I have been fortunate to get my hands on a Google Chromecast over the Christmas period and have been exploring what the potential of this device could be for use in the classroom.
Google Chromecast is Google’s attempt to make it easier to bring web video to your TV via the use of their dongle. This plugs into an HDMI port on your telly and projector and allows you to send videos, music and other files to it via Andriod and iOS devices using Chrome browser on you computer. There are a limited amount of apps that take advantage of the Chromecast - YouTube, Netflix, Google Music, to name a few - however, this list is increasing. The function that I am quite excited about is the ability to stream an open tab in the Chrome browser and the potential for this. I will explain more about this later but first I am going to look at how to setup the Chromecast and then how it can be used in the classroom.
Photo credit: Scott Beale - image has been edited
Many schools across the country have invested in tablet technology, but are they using them to their full potential? Research indicates that used correctly, tablets are fantastic learning tools and can really inspire students and aid teaching. A potential barrier to tablet technology being fully utilised in schools is the complexity of storing and moving work and sharing finished pieces between students and staff.
For any tablet technology to be successfully used, it needs to be beneficial to learning and student achievement, and must be simple to use both by teachers and students. Any apps need to seamlessly integrate into the learning environment and curriculum so they don’t detract or become an additional “chore” which impinges on everyone’s time. One new app and software tool which fulfils this criteria is TrilbyTV, which is being launched at BETT in January, 2014.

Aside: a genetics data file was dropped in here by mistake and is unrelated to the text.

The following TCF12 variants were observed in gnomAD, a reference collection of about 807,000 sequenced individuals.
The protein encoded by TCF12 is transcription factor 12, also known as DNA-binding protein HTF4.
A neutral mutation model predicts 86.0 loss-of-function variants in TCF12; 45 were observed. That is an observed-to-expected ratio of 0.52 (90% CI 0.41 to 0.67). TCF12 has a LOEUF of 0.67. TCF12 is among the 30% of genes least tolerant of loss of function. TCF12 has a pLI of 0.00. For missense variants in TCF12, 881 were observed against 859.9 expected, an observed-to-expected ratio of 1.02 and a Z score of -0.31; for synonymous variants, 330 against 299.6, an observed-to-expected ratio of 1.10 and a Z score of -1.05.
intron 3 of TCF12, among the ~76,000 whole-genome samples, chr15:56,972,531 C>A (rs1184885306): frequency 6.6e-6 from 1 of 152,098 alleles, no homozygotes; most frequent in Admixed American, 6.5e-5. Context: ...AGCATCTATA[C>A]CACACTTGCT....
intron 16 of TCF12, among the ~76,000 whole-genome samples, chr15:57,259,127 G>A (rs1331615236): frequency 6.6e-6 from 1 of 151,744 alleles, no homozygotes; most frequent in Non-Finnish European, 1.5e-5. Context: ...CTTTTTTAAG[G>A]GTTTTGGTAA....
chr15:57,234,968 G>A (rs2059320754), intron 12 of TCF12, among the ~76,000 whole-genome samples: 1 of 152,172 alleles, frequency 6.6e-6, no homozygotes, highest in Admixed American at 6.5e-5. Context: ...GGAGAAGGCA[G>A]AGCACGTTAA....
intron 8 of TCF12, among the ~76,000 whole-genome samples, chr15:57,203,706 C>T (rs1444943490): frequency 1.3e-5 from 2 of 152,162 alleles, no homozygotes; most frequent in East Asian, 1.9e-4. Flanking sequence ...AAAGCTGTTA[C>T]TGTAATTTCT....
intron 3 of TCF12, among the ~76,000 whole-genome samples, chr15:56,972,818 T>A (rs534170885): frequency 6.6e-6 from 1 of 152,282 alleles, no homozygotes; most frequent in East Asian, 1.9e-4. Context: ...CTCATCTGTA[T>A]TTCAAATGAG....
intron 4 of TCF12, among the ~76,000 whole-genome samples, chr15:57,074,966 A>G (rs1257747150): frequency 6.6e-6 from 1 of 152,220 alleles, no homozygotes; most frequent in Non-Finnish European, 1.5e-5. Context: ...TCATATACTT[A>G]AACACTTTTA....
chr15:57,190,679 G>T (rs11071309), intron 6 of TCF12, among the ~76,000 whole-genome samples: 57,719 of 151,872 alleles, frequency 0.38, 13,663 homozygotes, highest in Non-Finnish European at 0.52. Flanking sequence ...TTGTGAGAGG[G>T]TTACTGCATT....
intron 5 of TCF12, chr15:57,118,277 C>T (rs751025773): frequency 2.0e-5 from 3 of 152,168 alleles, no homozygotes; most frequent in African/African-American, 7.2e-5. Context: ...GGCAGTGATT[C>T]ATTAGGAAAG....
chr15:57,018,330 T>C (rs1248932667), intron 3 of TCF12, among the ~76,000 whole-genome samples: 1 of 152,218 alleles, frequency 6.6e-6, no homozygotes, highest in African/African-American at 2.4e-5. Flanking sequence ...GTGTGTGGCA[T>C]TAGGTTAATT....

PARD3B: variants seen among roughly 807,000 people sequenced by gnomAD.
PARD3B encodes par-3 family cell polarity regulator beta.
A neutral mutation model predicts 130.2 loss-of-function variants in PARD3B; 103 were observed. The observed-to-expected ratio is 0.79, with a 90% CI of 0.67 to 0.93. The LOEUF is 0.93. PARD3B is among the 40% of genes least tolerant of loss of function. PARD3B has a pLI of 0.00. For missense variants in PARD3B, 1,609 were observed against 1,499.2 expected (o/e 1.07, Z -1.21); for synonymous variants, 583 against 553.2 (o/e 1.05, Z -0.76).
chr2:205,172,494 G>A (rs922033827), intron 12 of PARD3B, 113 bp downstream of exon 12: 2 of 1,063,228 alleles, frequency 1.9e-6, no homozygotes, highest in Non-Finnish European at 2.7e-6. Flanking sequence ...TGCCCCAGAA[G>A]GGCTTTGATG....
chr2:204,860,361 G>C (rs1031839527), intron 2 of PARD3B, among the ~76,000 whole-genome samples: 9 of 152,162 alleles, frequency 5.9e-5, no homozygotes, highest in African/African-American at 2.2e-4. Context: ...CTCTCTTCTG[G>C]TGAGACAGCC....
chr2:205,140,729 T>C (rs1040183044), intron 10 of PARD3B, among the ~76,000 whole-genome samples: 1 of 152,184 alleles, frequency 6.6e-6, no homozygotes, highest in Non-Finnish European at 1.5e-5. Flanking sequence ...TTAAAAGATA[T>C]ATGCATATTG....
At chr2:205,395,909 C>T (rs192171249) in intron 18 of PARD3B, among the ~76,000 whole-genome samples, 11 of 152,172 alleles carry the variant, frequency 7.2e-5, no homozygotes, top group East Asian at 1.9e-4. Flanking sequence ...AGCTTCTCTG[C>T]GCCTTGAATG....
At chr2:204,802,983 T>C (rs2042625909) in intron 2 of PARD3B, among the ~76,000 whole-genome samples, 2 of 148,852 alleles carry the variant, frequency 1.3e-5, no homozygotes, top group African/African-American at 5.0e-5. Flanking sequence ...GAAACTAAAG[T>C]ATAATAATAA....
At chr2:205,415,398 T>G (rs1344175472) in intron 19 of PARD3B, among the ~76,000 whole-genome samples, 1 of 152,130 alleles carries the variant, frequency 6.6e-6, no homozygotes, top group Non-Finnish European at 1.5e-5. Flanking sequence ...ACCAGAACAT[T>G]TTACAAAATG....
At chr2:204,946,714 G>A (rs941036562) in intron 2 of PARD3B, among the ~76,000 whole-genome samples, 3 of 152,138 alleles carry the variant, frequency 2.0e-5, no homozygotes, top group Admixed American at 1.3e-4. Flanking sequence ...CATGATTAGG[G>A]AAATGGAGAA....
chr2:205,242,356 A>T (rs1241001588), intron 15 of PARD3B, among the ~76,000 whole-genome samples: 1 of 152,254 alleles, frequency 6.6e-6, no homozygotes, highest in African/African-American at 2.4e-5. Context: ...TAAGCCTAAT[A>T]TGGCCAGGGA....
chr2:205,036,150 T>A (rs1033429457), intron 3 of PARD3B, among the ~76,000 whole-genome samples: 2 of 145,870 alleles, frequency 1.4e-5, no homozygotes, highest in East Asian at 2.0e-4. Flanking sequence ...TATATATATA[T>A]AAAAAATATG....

This practical guide is for teachers looking to adopt a flipped learning approach to their classroom.
If you’re still not sure what a flipped classroom looks like, or if you want to confirm what you think you know, take a few minutes to read my guest post for the Senior Leaders site: ‘The Future of Learning’.
To create my own flipped learning videos, I use the brilliant Explain Everything app for iPad. For £1.99 you really can’t go wrong with this app. The following guide shows how I create my videos using this app.
The iPad camera has so much potential in classrooms, however the camera app itself is limited in its features. With his experience of using video apps with students, Nik Peachey lists the best ones for enabling teachers to add annotations and commentaries to recorded video, and use video for creating journals, storytelling and speaking practice.
One of the great things about mobile devices such as tablets, iPads and phones is that most modern devices have good quality cameras and microphones built in.
This opens up a really wide range of potential for communication and speaking practice that used to be such a struggle to organise on older laptops and desktop computers.
App developers have also been quick to exploit the potential of this powerful tool and in this post I'd like to look at some of the tools that have been created and how they can be used for language development.